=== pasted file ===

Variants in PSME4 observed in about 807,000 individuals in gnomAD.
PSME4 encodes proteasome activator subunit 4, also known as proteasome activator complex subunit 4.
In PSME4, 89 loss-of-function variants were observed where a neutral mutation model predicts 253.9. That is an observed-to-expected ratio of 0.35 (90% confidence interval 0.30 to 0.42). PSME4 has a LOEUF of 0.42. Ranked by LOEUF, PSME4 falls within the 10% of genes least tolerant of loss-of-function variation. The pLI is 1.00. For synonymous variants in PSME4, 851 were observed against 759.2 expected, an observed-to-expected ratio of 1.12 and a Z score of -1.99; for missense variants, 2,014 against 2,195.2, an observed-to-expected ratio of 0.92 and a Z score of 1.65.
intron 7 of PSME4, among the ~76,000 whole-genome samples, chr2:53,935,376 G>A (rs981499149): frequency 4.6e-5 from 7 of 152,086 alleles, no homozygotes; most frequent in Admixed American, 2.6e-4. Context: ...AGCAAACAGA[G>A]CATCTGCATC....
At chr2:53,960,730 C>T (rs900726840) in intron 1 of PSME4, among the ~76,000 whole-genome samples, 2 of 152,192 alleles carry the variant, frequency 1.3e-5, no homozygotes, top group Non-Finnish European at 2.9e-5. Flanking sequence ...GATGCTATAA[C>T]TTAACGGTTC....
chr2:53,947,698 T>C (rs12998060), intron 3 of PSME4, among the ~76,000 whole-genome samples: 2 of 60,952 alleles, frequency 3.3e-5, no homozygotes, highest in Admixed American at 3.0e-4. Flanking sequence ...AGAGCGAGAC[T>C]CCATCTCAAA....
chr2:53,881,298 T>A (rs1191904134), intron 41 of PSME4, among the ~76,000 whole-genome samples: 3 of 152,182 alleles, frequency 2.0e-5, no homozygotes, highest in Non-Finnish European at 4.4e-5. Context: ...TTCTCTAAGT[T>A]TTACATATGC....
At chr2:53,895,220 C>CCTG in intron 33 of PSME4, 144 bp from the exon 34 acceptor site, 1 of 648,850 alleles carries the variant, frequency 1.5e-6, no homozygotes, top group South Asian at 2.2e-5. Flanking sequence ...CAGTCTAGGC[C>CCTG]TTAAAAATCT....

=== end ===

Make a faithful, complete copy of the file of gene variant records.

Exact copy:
Variants in PSME4 observed in about 807,000 individuals in gnomAD.
PSME4 encodes proteasome activator subunit 4, also known as proteasome activator complex subunit 4.
In PSME4, 89 loss-of-function variants were observed where a neutral mutation model predicts 253.9. That is an observed-to-expected ratio of 0.35 (90% confidence interval 0.30 to 0.42). PSME4 has a LOEUF of 0.42. Ranked by LOEUF, PSME4 falls within the 10% of genes least tolerant of loss-of-function variation. The pLI is 1.00. For synonymous variants in PSME4, 851 were observed against 759.2 expected, an observed-to-expected ratio of 1.12 and a Z score of -1.99; for missense variants, 2,014 against 2,195.2, an observed-to-expected ratio of 0.92 and a Z score of 1.65.
intron 7 of PSME4, among the ~76,000 whole-genome samples, chr2:53,935,376 G>A (rs981499149): frequency 4.6e-5 from 7 of 152,086 alleles, no homozygotes; most frequent in Admixed American, 2.6e-4. Context: ...AGCAAACAGA[G>A]CATCTGCATC....
At chr2:53,960,730 C>T (rs900726840) in intron 1 of PSME4, among the ~76,000 whole-genome samples, 2 of 152,192 alleles carry the variant, frequency 1.3e-5, no homozygotes, top group Non-Finnish European at 2.9e-5. Flanking sequence ...GATGCTATAA[C>T]TTAACGGTTC....
chr2:53,947,698 T>C (rs12998060), intron 3 of PSME4, among the ~76,000 whole-genome samples: 2 of 60,952 alleles, frequency 3.3e-5, no homozygotes, highest in Admixed American at 3.0e-4. Flanking sequence ...AGAGCGAGAC[T>C]CCATCTCAAA....
chr2:53,881,298 T>A (rs1191904134), intron 41 of PSME4, among the ~76,000 whole-genome samples: 3 of 152,182 alleles, frequency 2.0e-5, no homozygotes, highest in Non-Finnish European at 4.4e-5. Context: ...TTCTCTAAGT[T>A]TTACATATGC....
At chr2:53,895,220 C>CCTG in intron 33 of PSME4, 144 bp from the exon 34 acceptor site, 1 of 648,850 alleles carries the variant, frequency 1.5e-6, no homozygotes, top group South Asian at 2.2e-5. Flanking sequence ...CAGTCTAGGC[C>CCTG]TTAAAAATCT....